It may also be a good idea to catch the car up on any scheduled maintenance, give it a good deep clean, take some flattering photos, and write up a compelling description for potential buyers. Then, post through local and national platforms — online and in print, if you’d like — and wait for prospective buyers to come calling.

How do you sell your car for the best price?

Typically, you will get the best price when selling your car to a private buyer. Private sales tend to take longer, however, so be sure you can afford to hold onto the vehicle until the right buyer comes along.

If you’re concerned with how to sell your car quickly, first get appraisals and offers from multiple dealerships before committing to a sale. You might also find that trading in your vehicle — rather than just selling it to a dealer — often nets a more lucrative offer.

What is the safest way to get paid when you sell your car?

However you and your buyer choose to handle the transaction, be sure to confirm receipt of your funds before handing over keys or a title. Cash could be the fastest payment method, but it’s important to be sure that none of the bills are counterfeit and that you can transport the money to your bank or home safely.

A wire transfer is another option to consider, as these can often be conducted the same or next day, and receipt can be confirmed with your bank before completing the transaction. Be careful with accepting paper checks — even cashier’s checks — as these can potentially be counterfeit or the payment can be stopped after you’ve already handed off the vehicle.

What documents do you need when you sell your car?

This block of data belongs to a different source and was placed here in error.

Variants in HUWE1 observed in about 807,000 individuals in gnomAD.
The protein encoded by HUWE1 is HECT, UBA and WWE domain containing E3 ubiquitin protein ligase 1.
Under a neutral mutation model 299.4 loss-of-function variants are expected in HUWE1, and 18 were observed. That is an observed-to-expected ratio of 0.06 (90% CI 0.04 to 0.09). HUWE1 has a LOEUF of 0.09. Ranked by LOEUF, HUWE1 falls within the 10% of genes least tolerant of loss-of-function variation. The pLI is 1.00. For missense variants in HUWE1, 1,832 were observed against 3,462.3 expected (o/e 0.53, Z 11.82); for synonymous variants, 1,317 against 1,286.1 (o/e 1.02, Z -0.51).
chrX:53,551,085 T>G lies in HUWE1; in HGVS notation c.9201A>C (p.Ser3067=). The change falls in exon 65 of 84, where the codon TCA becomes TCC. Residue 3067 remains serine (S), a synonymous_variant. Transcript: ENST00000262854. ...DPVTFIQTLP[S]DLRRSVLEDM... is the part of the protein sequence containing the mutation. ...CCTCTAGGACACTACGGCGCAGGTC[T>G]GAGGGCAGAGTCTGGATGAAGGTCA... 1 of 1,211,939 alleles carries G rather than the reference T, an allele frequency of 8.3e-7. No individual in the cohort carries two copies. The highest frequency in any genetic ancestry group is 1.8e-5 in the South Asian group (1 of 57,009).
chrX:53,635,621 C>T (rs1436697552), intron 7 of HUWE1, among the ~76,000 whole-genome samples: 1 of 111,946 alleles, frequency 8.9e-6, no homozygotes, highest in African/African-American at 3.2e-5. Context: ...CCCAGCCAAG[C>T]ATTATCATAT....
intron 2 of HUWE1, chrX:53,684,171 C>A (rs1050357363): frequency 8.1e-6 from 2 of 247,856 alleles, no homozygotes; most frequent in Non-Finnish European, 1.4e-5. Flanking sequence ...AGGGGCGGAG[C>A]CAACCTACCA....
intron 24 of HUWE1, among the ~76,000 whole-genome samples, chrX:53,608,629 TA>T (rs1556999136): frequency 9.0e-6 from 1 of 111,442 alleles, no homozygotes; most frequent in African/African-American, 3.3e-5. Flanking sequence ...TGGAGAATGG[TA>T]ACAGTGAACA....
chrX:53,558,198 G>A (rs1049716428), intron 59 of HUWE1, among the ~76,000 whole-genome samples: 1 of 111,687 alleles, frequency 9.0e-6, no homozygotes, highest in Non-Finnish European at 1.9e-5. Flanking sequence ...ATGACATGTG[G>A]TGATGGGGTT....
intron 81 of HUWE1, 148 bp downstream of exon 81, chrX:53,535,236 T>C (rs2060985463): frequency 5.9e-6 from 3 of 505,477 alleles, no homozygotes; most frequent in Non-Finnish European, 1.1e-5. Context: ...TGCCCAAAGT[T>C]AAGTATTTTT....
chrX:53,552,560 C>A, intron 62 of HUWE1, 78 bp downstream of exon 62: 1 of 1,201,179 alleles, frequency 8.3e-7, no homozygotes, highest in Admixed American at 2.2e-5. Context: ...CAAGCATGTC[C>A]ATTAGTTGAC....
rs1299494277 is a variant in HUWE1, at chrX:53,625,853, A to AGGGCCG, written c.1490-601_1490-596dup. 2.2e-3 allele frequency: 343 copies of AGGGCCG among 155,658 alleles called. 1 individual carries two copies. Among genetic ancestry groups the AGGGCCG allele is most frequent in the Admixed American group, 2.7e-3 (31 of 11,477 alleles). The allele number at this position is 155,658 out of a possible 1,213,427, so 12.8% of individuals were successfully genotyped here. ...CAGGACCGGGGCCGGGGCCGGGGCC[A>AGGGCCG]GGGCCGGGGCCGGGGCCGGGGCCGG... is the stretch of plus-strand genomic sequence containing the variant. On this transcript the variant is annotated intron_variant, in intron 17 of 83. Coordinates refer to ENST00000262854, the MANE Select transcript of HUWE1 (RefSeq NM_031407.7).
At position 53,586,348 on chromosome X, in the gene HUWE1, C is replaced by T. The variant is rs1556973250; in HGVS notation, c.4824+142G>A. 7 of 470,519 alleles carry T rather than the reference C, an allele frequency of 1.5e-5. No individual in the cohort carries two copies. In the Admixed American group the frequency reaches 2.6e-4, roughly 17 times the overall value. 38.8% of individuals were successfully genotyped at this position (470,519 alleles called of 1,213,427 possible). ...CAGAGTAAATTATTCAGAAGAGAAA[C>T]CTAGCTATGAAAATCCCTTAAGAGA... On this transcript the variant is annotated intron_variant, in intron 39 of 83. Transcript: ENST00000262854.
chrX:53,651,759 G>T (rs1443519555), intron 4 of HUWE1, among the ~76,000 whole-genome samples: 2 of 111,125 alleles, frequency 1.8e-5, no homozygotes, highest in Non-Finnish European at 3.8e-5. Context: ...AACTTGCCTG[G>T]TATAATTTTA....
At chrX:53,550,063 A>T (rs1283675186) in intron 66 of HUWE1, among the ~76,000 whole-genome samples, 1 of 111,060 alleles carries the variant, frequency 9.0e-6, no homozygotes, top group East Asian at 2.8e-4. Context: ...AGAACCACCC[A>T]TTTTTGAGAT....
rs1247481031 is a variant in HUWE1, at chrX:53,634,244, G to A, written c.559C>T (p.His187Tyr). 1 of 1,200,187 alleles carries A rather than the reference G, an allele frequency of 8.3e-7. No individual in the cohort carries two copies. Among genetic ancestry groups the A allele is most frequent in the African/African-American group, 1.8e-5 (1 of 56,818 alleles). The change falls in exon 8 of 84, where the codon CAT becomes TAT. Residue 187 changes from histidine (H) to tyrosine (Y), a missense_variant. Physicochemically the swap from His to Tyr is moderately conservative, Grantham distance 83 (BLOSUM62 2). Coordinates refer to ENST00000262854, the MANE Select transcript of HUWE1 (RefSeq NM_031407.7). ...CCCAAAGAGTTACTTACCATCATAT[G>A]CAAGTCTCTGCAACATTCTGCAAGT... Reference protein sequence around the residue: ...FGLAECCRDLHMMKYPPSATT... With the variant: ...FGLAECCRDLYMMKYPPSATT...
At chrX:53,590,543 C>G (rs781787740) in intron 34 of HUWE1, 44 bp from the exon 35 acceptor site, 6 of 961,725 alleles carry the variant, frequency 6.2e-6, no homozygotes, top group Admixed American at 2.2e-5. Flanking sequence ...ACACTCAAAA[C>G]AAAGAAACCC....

You'll likely need certain documents when you choose to sell your car, though requirements can vary from state to state. Check with your state's Department of Motor Vehicles (DMV) to learn more about what's required for a car sale. Depending on where you're located, you may need the following to transfer ownership:

  • Your car's title
  • Maintenance records
  • Odometer reading
  • Warranty information
  • Vehicle history report
  • License plates

While it's not required, getting a bill of sale could also be a good idea. Basically, this is a notarized document that outlines the terms and conditions of the sale. It's designed to offer a measure of protection against liability after a sale is complete.

The bottom line

Everyone wants to get top dollar for their vehicle when it comes time to sell. Actually squeezing every penny out of the car, however, comes down to how, when, and even where you plan to sell.

Maybe you’re hoping for the highest asking price from a private buyer, even if it takes a while, or you are willing to sell quickly (but for a bit less) through a car-buying platform. Or perhaps you plan to maximize your trade-in value by buying a new vehicle at the same time. No matter your approach, there are several steps you can take to try to sell your car for the most money possible, from researching its value to getting it detailed, taking great photos, and even posting the right listing in the right place at the right time.

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Author Details

Stephanie Colestock Stephanie Colestock is a credit card expert, travel rewards aficionado, and writer who enjoys teaching people how to be financially independent and confident about their money choices. If it has to do with credit, credit cards, or traveling the world on points, you'll find Stephanie writing about it. She also enjoys teaching people how to reach financial independence, regardless of obstacles in their path (such as the crippling student loan debt she once held). Stephanie graduated from Baylor University, and is currently working toward her CFP certification. Her work can be seen on sites such as Forbes, Dough Roller, and Johnny Jet, among many others.